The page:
Learn the historic song and dance of Cuba from those who know it best.
Meet musicians from Piquete Melodias Antilanas, one of Cuba’s last piquete groups – a street music style that combines waltzing and marching. The musicians will perform 19th-century Cuban music on 200-year old instruments – as performers from Alegrías de Vivir teach you Cuba’s national dance, the danzón.
History of the Danzón
Danzón’s roots stretch around the earth to the contredanse, a 17th-century couple’s dance popular with France’s upper-class society. Wealthy French sugar and coffee planters brought the dance with them to the Carribean, alongside over one million slaves, after gaining control of land in modern-day Haiti.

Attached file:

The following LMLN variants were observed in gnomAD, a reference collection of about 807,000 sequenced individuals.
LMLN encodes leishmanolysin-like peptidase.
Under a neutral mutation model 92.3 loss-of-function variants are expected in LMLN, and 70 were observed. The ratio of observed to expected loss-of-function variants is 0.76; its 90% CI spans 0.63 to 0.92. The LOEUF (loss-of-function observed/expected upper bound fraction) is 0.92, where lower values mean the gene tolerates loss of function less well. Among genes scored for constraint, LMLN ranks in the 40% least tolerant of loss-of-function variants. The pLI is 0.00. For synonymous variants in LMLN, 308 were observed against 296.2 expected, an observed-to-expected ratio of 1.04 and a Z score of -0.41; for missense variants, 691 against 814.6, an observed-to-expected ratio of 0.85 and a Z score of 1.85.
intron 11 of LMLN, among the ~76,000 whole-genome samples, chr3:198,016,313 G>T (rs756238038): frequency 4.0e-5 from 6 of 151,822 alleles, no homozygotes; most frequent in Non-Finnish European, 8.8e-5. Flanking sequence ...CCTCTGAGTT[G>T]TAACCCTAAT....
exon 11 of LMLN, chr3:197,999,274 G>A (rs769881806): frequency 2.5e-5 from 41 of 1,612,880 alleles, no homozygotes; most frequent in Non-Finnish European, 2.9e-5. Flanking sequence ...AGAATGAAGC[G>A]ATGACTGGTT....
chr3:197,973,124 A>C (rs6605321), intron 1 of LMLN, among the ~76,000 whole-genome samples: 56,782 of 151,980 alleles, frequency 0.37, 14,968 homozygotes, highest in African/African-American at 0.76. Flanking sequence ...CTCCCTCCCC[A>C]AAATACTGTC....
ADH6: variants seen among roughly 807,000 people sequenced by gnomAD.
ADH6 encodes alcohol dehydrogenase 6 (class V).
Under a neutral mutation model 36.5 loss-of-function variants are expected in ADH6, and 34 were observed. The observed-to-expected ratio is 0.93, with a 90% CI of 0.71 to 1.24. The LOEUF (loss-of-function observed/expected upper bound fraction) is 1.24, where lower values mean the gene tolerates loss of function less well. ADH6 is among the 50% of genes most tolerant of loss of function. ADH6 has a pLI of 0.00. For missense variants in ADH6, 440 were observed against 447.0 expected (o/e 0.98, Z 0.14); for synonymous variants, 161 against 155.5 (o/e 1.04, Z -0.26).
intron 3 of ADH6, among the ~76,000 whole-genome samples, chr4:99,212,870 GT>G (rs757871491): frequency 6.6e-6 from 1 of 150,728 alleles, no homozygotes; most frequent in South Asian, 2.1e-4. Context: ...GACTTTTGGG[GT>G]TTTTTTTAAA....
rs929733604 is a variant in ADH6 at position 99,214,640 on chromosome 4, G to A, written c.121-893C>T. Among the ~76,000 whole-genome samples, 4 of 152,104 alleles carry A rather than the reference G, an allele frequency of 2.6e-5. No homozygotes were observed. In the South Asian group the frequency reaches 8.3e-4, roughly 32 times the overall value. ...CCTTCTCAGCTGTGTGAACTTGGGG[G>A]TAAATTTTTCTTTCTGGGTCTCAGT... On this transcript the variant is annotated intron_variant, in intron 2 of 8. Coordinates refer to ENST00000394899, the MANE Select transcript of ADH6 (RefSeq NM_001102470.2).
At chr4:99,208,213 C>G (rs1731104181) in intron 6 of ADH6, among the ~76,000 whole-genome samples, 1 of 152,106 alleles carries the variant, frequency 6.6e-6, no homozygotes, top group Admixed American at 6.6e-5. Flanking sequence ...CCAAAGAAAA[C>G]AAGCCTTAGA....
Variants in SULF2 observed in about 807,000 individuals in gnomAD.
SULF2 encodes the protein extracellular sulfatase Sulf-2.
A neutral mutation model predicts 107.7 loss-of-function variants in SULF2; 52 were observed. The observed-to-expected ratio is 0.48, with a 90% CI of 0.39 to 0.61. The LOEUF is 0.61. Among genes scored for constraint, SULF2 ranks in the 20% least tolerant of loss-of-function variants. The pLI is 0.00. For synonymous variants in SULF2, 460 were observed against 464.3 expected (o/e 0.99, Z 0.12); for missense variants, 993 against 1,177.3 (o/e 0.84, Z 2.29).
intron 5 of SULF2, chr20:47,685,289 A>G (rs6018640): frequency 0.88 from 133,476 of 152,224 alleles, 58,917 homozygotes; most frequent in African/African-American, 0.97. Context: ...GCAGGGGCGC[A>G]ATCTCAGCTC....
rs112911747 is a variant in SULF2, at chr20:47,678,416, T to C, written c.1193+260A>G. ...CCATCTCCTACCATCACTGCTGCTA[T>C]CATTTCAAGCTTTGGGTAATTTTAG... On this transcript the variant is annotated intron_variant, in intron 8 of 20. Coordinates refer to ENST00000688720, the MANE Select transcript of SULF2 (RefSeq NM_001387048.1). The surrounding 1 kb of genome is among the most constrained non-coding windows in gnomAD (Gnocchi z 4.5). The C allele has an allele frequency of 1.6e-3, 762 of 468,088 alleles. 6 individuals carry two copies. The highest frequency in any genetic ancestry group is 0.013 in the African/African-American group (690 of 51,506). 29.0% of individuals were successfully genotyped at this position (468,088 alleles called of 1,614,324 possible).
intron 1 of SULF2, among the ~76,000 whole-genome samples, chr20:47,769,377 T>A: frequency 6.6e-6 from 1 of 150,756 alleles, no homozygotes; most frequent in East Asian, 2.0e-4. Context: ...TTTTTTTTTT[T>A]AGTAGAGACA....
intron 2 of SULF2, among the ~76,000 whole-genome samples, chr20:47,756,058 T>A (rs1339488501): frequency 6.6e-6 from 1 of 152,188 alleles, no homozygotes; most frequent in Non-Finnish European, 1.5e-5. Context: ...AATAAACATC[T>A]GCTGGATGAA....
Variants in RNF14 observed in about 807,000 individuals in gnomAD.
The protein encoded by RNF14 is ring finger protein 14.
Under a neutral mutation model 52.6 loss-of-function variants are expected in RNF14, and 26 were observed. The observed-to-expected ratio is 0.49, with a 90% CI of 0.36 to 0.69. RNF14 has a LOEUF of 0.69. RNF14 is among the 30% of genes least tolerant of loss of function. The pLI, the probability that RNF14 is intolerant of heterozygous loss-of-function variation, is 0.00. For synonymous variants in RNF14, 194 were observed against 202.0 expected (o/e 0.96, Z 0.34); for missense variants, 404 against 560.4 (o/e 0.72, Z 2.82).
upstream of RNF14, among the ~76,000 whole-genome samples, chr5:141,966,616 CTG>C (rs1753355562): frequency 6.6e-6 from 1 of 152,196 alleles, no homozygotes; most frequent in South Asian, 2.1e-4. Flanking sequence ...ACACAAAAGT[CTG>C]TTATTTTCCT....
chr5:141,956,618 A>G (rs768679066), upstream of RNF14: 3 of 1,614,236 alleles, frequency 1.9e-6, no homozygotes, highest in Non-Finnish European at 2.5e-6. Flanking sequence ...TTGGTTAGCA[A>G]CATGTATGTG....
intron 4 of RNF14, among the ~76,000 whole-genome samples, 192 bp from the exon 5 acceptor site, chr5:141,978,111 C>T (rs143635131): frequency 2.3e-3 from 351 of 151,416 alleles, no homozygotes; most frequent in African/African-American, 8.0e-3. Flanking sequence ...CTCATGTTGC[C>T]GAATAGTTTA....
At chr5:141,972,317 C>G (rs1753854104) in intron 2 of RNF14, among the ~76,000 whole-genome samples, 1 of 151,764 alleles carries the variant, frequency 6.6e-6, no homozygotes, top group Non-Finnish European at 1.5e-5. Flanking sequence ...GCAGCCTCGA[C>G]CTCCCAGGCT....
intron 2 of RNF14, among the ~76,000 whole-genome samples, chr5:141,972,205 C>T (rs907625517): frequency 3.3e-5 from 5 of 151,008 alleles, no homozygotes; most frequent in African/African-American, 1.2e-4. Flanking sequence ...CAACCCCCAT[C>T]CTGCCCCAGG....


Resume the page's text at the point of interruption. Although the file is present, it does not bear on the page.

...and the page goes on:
In 1804, a massive slave revolt pushed French planters off the island and into Eastern Cuba. By then, the dance had significant elements of African musical traditions. Over time, the tempo slowed and couples started dancing closer together. This, newer, more “scandalous” form of contredanse spread across the island and into all levels of society, becoming known as the danzón.
By the 20th-century, danzón shook off criticism that intimate dancing between mixed-race and working-class couples was obscene. It spread to Mexico and Puerto Rico and later led to the Cha-cha-chá, which became a global sensation. Cuba’s beloved dances, like rumba, salsa, and danzón, are a vantage point to understand the country’s history and culture. You may not know Spanish, but dance is an international language. So jump in and find your fluency!